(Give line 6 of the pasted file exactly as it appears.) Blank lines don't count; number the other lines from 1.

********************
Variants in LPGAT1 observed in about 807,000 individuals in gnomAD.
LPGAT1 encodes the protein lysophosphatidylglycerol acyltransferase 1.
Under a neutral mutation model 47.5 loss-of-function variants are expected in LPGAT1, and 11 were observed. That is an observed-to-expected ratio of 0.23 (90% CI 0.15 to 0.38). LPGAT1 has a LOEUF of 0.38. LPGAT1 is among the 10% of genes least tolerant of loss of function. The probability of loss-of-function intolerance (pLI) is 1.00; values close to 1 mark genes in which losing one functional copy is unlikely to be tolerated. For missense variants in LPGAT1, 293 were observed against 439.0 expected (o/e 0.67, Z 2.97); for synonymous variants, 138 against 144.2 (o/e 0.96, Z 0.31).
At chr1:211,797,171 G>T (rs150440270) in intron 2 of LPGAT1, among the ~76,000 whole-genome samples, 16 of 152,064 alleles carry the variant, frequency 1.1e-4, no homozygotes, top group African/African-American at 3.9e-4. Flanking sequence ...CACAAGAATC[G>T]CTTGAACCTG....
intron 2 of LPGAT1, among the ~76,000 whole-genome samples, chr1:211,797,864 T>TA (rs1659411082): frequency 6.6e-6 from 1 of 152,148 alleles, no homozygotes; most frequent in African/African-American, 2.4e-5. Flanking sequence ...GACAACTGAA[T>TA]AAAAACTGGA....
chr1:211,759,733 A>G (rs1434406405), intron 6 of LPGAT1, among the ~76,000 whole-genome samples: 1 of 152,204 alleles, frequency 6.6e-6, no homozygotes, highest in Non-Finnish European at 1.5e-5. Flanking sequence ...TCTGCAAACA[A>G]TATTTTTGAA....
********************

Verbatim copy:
chr1:211,759,733 A>G (rs1434406405), intron 6 of LPGAT1, among the ~76,000 whole-genome samples: 1 of 152,204 alleles, frequency 6.6e-6, no homozygotes, highest in Non-Finnish European at 1.5e-5. Flanking sequence ...TCTGCAAACA[A>G]TATTTTTGAA....